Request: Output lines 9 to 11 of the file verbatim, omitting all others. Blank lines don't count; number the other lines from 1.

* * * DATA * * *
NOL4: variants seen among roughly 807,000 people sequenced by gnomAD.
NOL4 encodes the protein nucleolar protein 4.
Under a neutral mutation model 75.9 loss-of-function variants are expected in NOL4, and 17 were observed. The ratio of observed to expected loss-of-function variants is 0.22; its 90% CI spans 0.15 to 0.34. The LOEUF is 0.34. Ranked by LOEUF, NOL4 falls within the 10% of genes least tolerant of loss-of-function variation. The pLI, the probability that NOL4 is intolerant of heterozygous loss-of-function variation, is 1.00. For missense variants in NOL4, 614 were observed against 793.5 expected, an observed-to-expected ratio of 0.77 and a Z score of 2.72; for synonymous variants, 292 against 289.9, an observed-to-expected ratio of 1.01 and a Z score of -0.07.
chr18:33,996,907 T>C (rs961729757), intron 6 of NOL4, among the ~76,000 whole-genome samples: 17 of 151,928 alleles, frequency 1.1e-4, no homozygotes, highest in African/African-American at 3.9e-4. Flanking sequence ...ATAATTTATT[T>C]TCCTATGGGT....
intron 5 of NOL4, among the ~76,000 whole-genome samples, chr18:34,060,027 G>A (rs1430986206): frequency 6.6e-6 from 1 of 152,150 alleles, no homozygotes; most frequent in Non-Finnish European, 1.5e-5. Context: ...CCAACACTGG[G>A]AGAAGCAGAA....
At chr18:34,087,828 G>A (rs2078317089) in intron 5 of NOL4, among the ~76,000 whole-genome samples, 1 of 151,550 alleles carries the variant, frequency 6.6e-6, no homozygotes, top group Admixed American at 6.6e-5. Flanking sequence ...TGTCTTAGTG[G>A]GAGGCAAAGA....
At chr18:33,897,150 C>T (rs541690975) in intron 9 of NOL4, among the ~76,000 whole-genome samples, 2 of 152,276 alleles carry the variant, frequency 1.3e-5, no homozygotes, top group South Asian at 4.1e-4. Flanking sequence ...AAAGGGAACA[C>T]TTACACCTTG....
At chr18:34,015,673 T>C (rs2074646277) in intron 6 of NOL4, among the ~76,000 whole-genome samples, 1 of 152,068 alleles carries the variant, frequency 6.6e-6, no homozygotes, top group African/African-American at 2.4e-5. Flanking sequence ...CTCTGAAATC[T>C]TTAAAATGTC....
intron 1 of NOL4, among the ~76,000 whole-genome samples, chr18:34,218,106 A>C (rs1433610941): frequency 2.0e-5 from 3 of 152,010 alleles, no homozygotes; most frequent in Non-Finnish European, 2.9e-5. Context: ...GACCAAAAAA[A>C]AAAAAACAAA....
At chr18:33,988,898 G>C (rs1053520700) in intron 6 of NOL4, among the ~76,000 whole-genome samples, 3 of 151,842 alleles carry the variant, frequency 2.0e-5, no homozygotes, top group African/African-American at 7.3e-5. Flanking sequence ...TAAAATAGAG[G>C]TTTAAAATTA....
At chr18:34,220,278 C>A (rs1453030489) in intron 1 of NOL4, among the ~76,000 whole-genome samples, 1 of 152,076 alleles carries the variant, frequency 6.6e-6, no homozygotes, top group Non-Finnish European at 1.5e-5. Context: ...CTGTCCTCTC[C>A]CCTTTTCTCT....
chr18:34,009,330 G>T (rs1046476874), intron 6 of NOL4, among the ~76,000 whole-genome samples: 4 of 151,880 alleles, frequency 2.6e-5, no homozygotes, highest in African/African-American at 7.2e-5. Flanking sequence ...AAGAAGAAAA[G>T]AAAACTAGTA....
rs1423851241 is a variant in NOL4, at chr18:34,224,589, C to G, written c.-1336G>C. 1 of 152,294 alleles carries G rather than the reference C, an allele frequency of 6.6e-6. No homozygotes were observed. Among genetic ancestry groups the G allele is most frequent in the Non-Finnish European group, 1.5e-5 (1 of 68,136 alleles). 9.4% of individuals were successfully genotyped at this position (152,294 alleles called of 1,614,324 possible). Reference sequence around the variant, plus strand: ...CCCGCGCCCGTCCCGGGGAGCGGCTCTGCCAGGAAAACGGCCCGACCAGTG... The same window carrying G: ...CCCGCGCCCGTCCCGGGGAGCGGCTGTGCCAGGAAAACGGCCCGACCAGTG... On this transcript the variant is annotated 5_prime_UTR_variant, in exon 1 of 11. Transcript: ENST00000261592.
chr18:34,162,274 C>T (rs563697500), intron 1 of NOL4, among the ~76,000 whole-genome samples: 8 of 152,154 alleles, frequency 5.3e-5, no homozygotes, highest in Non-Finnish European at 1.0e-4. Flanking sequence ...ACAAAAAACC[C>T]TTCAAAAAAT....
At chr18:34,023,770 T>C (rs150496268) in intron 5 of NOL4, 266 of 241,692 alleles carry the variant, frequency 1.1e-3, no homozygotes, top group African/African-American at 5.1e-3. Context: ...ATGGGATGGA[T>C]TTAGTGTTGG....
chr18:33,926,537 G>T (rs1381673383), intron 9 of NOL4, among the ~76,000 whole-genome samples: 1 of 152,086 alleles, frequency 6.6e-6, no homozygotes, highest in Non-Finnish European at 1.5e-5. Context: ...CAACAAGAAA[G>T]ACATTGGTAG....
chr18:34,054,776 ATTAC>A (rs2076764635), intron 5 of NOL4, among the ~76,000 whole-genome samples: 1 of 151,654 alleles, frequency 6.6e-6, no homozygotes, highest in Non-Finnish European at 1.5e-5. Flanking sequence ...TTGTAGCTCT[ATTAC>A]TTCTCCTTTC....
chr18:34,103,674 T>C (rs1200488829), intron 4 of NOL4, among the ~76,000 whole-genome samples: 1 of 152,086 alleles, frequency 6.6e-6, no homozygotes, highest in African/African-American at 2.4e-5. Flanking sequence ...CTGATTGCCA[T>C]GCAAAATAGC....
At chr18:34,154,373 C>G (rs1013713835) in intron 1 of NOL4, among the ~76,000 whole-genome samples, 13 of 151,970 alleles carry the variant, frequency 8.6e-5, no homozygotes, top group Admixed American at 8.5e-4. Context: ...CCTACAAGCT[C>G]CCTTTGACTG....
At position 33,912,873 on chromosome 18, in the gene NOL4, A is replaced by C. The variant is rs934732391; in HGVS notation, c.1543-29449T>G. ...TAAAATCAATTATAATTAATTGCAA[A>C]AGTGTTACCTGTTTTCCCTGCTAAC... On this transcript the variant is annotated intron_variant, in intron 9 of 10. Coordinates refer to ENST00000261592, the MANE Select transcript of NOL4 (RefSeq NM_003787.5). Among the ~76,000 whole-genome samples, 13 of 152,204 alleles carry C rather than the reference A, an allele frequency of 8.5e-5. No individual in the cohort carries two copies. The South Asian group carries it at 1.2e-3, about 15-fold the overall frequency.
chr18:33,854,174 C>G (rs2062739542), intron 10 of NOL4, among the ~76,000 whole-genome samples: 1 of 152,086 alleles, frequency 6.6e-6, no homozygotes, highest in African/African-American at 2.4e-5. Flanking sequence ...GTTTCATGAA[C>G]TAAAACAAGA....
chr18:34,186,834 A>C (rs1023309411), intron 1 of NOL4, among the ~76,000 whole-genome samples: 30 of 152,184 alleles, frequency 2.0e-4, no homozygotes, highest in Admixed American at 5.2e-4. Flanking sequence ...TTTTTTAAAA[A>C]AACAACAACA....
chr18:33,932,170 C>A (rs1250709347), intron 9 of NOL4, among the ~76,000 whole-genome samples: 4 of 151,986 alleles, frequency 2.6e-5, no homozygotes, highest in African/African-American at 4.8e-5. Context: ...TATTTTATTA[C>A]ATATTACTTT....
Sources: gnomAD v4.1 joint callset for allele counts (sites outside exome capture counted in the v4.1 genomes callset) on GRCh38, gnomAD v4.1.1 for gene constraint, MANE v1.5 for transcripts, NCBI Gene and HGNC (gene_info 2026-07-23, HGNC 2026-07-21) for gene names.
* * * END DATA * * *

intron 1 of NOL4, among the ~76,000 whole-genome samples, chr18:34,218,106 A>C (rs1433610941): frequency 2.0e-5 from 3 of 152,010 alleles, no homozygotes; most frequent in Non-Finnish European, 2.9e-5. Context: ...GACCAAAAAA[A>C]AAAAAACAAA....
At chr18:33,988,898 G>C (rs1053520700) in intron 6 of NOL4, among the ~76,000 whole-genome samples, 3 of 151,842 alleles carry the variant, frequency 2.0e-5, no homozygotes, top group African/African-American at 7.3e-5. Flanking sequence ...TAAAATAGAG[G>C]TTTAAAATTA....
At chr18:34,220,278 C>A (rs1453030489) in intron 1 of NOL4, among the ~76,000 whole-genome samples, 1 of 152,076 alleles carries the variant, frequency 6.6e-6, no homozygotes, top group Non-Finnish European at 1.5e-5. Context: ...CTGTCCTCTC[C>A]CCTTTTCTCT....